NAGOYA--Researchers here announced a quicker method of creating antibody-like proteins that capture the novel coronavirus than under current methods.

The proteins made by using the new technique have the potential to help develop antigen test kits that detect infections with high accuracy, according to the researchers at Nagoya University and other institutions.

Team members prepared 10 trillion kinds of synthetic proteins carrying random amino acid sequences.

They then attached the spike protein, which sticks out from the surface of the virus and infects human cells, to magnetic beads and dropped them into a sea of the candidate proteins.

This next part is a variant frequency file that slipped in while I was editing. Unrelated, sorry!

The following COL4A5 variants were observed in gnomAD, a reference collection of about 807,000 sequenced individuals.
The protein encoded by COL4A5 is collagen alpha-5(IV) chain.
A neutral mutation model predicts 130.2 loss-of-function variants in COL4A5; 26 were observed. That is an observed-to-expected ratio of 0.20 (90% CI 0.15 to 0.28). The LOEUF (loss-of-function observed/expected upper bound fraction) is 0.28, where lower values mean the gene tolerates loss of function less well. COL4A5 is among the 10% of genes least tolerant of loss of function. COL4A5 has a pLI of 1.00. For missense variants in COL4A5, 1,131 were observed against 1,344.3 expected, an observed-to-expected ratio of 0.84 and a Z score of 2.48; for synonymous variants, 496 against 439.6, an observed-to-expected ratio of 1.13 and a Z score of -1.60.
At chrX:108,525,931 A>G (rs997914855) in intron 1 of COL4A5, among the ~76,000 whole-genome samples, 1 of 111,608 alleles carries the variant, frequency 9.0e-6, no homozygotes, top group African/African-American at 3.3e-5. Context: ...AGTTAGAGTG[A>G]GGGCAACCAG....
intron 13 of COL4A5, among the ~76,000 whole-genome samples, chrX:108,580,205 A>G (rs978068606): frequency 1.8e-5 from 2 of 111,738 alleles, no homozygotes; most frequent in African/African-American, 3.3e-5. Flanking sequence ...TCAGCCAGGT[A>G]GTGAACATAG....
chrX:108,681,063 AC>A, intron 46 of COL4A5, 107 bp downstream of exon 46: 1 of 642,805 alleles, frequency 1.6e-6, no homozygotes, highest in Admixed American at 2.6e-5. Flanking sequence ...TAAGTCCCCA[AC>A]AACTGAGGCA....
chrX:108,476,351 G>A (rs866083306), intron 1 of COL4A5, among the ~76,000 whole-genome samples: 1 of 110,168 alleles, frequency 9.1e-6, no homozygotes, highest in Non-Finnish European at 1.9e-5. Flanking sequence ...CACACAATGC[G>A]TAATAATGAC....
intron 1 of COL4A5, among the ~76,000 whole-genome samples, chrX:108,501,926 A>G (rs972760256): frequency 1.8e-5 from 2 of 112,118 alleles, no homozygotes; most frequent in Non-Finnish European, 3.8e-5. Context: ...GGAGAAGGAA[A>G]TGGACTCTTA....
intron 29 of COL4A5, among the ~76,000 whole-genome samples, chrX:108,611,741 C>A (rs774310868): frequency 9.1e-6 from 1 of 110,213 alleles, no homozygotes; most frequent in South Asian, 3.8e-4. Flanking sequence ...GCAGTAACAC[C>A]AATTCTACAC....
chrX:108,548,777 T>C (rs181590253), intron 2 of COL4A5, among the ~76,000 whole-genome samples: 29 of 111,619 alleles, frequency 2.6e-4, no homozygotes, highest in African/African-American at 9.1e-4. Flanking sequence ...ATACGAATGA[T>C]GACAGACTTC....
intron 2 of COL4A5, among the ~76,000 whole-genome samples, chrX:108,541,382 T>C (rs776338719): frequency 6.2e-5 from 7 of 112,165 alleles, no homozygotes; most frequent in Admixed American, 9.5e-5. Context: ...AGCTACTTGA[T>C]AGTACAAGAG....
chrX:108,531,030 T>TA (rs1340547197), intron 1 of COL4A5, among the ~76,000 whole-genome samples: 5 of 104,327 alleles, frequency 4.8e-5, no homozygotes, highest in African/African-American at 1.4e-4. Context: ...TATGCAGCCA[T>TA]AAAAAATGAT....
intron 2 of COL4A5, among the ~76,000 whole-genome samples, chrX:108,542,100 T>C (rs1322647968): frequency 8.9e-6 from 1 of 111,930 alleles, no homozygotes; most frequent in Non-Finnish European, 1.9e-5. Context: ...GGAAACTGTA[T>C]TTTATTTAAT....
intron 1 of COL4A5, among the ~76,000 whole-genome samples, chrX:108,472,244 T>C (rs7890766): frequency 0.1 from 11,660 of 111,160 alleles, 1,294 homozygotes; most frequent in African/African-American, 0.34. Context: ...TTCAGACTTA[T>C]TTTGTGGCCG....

The researchers used a magnet to “fish” for the beads, which captured multiple synthetic proteins that bound to the spike protein, and picked two that bonded more strongly to the target.

It took only four days to complete the process, while existing methods require two to three weeks, the researchers said.

Members of the team said the antibody-like proteins they created could be used to develop quality antigen test kits to check if samples taken from patients contain proteins unique to the novel coronavirus.

The antibody-like proteins may also contribute to the development of medicines to treat COVID-19.

“Using the two antibody-like proteins as a foothold, we want to find ones that bind more strongly to the spike protein with greater sensitivity,” said Hiroshi Murakami, a professor of biological chemistry at Nagoya University and a member of the team.

He said the new method can also be used to quickly respond to another outbreak of a new infectious disease.